Soloists have lots to look forward to in December, with a well-deserved break on the cards for most of us. But it also has its stresses, many of them to do with gift giving.
Peter’s piece on corporate gift ideas for clients certainly got you stirred up, with opinions ranging from ‘it’s a brilliant idea’ to ‘it encourages mindless consumerism’.
While the necessity of gifts for clients is debatable, I reckon we feel a stronger sense of obligation to get something for family and friends.
We go about gift buying for loved ones in different ways.
For many, endless thought is put into Christmas gift giving. My friend Faye has a present book for recording ideas, a present box that is added to throughout the year and buys her Christmas loo roll (I’m serious) in October.
Then there’s my mate Dave who leaves present buying til Christmas Eve and spends a fortune as a result. He calls it “buying my way out of trouble” but admits the result is ultimately expensive and unsatisfying, with his wife joining the Boxing Day queue at DJ’s exchange counter more often than not.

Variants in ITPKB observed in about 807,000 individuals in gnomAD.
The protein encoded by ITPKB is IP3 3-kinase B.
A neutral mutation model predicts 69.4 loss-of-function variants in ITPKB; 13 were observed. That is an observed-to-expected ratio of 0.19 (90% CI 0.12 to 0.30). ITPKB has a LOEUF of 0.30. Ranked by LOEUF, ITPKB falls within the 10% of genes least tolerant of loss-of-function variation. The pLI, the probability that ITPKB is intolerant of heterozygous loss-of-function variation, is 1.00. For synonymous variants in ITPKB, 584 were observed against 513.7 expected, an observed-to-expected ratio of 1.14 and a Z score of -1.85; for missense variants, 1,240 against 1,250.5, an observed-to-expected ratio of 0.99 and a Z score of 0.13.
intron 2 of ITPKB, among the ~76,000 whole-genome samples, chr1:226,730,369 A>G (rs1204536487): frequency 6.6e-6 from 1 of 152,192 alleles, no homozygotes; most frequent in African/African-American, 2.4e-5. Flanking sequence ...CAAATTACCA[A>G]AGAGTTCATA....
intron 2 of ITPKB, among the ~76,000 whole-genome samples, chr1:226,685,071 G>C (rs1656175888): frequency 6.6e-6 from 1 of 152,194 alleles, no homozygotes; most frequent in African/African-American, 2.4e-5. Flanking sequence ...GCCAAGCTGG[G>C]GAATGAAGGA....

My siblings and I have a longstanding gift giving amnesty, preferring instead to exchange birthday presents.
My favourite is the Secret Santa model, where one person is responsible for another family member’s ‘main’ gift and limited to spending a maximum of $20 on everyone else.
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Putting a limit on festive spending forces our imaginations to kick in. I’m not saying expensive gifts can’t be thoughtful, but cheap ones have to be.
Last year my favourite gift was also the least expensive – unscented shower gel to which my aromatherapist friend had added essential oils which “remind me of you.”
A well-thought out, cheap present is way preferable to an extravagant but meaningless one.
What way of gift giving works for you? Add a comment to let us know.